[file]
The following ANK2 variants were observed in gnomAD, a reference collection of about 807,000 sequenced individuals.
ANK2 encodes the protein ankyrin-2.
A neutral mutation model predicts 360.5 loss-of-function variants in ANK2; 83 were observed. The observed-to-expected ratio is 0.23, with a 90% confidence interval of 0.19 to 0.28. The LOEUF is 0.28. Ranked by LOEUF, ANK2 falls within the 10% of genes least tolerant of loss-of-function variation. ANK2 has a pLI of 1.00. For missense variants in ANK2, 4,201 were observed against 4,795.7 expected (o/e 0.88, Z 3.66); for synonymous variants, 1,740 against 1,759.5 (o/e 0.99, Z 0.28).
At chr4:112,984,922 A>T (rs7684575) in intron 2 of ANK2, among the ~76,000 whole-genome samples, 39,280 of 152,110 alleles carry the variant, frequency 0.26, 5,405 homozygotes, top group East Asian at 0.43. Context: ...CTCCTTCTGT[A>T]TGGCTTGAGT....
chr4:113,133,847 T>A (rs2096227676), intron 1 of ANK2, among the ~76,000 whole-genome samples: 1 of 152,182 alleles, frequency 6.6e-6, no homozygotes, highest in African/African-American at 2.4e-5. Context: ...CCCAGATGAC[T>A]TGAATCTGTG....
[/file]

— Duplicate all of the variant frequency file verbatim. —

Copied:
The following ANK2 variants were observed in gnomAD, a reference collection of about 807,000 sequenced individuals.
ANK2 encodes the protein ankyrin-2.
A neutral mutation model predicts 360.5 loss-of-function variants in ANK2; 83 were observed. The observed-to-expected ratio is 0.23, with a 90% confidence interval of 0.19 to 0.28. The LOEUF is 0.28. Ranked by LOEUF, ANK2 falls within the 10% of genes least tolerant of loss-of-function variation. ANK2 has a pLI of 1.00. For missense variants in ANK2, 4,201 were observed against 4,795.7 expected (o/e 0.88, Z 3.66); for synonymous variants, 1,740 against 1,759.5 (o/e 0.99, Z 0.28).
At chr4:112,984,922 A>T (rs7684575) in intron 2 of ANK2, among the ~76,000 whole-genome samples, 39,280 of 152,110 alleles carry the variant, frequency 0.26, 5,405 homozygotes, top group East Asian at 0.43. Context: ...CTCCTTCTGT[A>T]TGGCTTGAGT....
chr4:113,133,847 T>A (rs2096227676), intron 1 of ANK2, among the ~76,000 whole-genome samples: 1 of 152,182 alleles, frequency 6.6e-6, no homozygotes, highest in African/African-American at 2.4e-5. Context: ...CCCAGATGAC[T>A]TGAATCTGTG....